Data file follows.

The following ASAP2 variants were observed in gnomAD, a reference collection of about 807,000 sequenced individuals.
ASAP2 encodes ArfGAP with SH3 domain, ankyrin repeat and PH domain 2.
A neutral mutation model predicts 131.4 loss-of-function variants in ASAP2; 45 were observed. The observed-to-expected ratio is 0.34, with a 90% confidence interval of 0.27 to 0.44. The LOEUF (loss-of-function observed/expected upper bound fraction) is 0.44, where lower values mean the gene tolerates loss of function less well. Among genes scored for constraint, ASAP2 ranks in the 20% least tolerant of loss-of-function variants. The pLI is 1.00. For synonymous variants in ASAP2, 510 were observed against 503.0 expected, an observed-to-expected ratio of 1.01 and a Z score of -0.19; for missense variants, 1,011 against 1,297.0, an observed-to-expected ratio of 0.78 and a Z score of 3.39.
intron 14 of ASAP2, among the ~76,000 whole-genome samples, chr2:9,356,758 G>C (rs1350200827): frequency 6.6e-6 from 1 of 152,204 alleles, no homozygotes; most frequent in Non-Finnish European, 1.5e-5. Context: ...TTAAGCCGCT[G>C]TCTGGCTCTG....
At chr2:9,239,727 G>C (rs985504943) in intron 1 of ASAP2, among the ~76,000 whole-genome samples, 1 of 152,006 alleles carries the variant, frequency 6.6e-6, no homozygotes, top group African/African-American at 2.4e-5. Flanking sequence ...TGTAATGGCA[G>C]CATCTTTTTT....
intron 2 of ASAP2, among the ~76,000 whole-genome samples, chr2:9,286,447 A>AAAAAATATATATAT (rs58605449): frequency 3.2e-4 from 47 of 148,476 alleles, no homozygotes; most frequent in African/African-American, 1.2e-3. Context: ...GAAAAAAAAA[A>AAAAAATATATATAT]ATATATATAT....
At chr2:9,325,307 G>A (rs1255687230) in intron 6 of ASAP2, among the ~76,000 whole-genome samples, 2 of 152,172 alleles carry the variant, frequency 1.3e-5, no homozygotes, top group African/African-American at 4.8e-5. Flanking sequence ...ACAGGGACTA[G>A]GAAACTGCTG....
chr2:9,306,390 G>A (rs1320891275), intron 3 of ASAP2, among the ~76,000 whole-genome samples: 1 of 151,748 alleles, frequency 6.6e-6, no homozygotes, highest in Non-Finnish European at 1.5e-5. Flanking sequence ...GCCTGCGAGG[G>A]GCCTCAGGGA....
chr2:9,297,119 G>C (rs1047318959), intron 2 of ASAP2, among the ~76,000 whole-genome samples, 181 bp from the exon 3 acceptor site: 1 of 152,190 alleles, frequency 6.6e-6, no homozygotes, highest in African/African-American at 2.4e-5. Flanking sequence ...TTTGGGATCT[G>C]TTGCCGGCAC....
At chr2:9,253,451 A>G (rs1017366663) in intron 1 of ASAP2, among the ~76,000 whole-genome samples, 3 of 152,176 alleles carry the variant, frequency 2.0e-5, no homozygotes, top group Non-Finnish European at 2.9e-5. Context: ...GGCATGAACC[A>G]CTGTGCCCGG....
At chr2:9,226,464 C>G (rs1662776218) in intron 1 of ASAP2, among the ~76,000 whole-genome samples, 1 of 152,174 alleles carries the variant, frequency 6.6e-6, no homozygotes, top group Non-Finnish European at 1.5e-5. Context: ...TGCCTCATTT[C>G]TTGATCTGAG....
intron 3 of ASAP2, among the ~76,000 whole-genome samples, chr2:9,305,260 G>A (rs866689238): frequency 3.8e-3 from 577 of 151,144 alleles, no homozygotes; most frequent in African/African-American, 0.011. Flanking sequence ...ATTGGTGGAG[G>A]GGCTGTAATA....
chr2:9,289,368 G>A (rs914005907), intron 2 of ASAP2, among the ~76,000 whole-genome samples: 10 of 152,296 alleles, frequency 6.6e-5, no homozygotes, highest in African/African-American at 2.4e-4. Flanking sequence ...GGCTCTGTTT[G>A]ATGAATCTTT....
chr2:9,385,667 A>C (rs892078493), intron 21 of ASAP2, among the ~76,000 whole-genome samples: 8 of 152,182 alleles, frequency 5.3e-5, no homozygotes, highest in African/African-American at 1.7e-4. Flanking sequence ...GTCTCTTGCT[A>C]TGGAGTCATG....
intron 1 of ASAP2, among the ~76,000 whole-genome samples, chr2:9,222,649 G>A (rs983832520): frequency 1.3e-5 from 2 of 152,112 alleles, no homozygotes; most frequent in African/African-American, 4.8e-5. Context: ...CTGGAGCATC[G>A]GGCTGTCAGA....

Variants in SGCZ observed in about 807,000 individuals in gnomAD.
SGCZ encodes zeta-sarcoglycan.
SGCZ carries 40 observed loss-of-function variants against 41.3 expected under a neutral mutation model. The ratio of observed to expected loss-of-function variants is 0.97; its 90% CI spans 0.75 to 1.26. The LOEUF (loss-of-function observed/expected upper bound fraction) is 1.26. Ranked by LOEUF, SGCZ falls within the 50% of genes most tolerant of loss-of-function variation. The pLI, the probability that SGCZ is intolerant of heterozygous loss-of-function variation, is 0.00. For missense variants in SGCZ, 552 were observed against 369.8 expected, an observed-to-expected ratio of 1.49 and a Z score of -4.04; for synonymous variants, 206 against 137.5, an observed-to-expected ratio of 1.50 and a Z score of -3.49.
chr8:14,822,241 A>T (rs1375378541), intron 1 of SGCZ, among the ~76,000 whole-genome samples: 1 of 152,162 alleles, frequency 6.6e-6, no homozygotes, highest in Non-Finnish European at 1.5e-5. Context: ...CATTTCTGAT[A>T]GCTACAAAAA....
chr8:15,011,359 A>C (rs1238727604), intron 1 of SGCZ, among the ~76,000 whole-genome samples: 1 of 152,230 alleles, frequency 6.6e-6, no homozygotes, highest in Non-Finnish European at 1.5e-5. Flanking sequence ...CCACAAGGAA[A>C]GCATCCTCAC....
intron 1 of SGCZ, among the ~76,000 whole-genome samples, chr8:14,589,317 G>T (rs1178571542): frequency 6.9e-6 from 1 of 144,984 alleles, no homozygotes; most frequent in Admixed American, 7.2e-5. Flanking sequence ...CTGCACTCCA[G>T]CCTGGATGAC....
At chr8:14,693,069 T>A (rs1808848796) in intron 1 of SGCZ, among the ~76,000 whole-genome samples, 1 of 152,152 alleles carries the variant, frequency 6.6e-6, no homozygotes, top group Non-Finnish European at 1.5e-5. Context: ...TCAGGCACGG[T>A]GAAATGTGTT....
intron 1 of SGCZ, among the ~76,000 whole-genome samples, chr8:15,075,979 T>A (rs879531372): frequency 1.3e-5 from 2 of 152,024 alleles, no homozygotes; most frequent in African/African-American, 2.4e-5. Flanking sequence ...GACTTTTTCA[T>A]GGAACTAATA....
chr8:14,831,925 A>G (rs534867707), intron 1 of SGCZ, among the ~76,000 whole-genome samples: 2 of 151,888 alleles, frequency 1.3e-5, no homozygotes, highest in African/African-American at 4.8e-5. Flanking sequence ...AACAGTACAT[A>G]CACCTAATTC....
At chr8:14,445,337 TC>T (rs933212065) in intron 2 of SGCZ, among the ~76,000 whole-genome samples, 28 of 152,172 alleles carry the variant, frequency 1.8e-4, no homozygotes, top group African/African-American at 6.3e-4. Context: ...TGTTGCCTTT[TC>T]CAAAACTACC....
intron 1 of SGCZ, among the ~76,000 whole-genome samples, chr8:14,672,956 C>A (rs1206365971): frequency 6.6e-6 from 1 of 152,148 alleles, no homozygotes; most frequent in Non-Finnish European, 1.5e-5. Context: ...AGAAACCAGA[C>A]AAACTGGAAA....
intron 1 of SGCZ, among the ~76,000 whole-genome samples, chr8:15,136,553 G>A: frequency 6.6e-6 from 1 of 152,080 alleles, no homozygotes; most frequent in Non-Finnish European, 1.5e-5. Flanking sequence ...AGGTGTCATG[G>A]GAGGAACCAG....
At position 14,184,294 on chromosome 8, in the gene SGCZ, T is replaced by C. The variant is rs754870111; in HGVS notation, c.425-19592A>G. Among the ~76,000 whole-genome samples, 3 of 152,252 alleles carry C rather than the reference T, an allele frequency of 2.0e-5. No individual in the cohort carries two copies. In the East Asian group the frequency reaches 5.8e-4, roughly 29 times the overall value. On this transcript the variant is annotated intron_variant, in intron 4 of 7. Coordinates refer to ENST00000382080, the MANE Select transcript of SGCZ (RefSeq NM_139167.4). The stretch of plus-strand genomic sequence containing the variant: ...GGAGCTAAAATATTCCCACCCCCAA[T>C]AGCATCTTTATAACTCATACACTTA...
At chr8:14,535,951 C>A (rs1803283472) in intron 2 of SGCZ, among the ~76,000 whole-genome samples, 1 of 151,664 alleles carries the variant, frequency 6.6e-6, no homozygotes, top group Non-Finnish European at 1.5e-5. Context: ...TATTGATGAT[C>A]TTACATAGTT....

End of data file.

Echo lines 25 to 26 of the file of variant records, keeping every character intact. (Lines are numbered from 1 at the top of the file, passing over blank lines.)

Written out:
At chr8:14,445,337 TC>T (rs933212065) in intron 2 of SGCZ, among the ~76,000 whole-genome samples, 28 of 152,172 alleles carry the variant, frequency 1.8e-4, no homozygotes, top group African/African-American at 6.3e-4. Context: ...TGTTGCCTTT[TC>T]CAAAACTACC....
intron 1 of SGCZ, among the ~76,000 whole-genome samples, chr8:14,672,956 C>A (rs1206365971): frequency 6.6e-6 from 1 of 152,148 alleles, no homozygotes; most frequent in Non-Finnish European, 1.5e-5. Context: ...AGAAACCAGA[C>A]AAACTGGAAA....